9. Level the fingerboard. My sanding block is a #5 cast iron Stanley jack plane body with all the parts removed. It is 14Ē long and I find it easy to use as a guide for tearing the sandpaper, which I simply crease and hold on the block as I sand. This is a hard, massive block that glides easily and mercilessly cuts anything in its path. No problem knocking down high spots and leveling with the full 11Ē length of a sheet of sandpaper.

Iíve found I canít handle radius sanding blocks, so I never use them. Even if I hold my flat block at a slight diagonal, it still cuts a perfectly straight path, which I can view easily by the dust that packs into the fret slots. When Iím being especially careful, I pencil a few ďwitness marksĒ to make it even more clear. If I have really bad areas to level, Iíll scrape them first to avoid unnecessary effort with the sanding block. As I sand, I ďrollĒ the block from side to side to match the radius of the fingerboard as closely as possible.

I may use a circular sanding motion with coarse paper to grind down a hump in one area of the fingerboard, but Iíll always finish by sanding with the grain. Iíll sand until I feel the sandpaper begin to load. At that point it suddenly feels as if the fingerboard has been greased. Weíre only talking about 25-30 seconds of sanding per piece of sandpaper, using each grit available in succession (80, 100, 120, 150, 180, 220.)

I vacuum out the fret slots after each piece of sandpaper so I can see my progress and avoid excess loading. My sandpaper of choice is no-load stearate coated silicon carbide A-weight. Iíve not found any difference in performance, so I buy the cheapest Korean stuff and throw it away with no regrets when it begins to load up. The coarsest I use is 80-grit; I finish with 180 on rosewood and 220 on ebony. I choose my starting grit based on the amount of sanding I think will be necessary -- anywhere from 80-150. My goal is to level the board and give a perfect substrate for the new frets without removing any more wood than necessary. My final sanding scratches are removed when I polish the frets.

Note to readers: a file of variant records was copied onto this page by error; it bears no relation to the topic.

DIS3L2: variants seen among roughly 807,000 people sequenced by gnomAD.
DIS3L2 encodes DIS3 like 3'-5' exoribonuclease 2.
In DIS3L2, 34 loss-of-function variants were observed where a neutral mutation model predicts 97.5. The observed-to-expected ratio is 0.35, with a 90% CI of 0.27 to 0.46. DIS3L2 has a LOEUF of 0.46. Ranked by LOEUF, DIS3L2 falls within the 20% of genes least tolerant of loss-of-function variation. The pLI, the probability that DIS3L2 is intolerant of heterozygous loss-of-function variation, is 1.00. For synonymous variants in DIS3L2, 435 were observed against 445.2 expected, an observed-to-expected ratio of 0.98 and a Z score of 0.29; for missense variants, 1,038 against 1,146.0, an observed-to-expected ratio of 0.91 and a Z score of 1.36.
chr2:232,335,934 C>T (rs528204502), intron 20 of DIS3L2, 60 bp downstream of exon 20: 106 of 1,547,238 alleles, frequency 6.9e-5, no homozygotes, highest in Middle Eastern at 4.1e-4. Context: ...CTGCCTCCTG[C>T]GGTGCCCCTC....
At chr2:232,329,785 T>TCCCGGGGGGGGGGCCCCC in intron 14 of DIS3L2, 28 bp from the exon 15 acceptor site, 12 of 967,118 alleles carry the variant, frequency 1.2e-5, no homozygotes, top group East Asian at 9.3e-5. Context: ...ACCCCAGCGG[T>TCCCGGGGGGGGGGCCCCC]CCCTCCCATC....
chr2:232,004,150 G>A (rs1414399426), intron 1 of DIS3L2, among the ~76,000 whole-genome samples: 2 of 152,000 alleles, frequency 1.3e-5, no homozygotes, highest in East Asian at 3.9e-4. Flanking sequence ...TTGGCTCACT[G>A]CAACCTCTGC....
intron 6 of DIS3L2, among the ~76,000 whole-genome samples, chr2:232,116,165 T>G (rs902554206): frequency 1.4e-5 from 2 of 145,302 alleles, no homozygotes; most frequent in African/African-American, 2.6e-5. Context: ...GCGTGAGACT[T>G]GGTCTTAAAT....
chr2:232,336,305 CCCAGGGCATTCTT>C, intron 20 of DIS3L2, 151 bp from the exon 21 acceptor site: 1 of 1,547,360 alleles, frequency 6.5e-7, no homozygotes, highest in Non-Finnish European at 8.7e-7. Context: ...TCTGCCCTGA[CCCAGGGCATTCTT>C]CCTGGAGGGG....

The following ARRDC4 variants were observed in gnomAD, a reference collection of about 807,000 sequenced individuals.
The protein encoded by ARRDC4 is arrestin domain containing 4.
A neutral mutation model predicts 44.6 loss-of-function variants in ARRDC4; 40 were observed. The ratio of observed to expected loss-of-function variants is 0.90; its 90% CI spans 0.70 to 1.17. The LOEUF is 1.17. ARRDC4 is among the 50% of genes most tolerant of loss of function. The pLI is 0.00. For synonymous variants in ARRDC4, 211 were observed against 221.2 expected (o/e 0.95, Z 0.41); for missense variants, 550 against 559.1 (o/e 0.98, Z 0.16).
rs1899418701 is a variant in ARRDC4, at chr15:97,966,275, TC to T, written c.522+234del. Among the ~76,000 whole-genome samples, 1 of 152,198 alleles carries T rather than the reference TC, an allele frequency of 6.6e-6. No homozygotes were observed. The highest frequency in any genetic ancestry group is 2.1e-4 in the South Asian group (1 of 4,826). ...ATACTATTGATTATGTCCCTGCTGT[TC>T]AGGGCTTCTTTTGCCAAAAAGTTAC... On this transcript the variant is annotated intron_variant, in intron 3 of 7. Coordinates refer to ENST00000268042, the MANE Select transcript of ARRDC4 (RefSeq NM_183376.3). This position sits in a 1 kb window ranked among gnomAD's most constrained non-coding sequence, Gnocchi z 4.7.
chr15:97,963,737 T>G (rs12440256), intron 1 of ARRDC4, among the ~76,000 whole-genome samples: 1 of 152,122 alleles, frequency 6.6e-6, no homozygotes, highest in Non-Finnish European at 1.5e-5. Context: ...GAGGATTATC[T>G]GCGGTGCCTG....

I have my fingers spread as far as possible supporting the neck from underneath and Iím raising the peghead off the bench. When I sand, the neck ďfloatsĒ as I support it. That way Iím not bending the neck as I sand, no matter how hard I press with the sanding block.
If I wanted to introduce a ďreverse bowĒ Iíd support neck by resting the peghead on the bench. Then, as I sand, the neck would flex forward, causing me to take a little extra off the fingerboard at the nut end. This would be helpful in correcting a seriously flexible neck that pulled forward under string tension.

I can create a little forward relief by supporting the neck in the center and using a heavy lead shot filled bag to flex the peghead backward as I sand. This is especially useful in refretting classical guitars. Definitely one of those times where judgment from practice and experience comes in to play.
If my method seems a bit uncontrolled, bear in mind that the stiffness of the neck will be somewhat unpredictable as a result of changing the compression in the slots after removing old frets and installing new frets. I count on my ability to judge the way things feel and look as I go, and I am always ready to redo the work completely if it doesnít come out just right.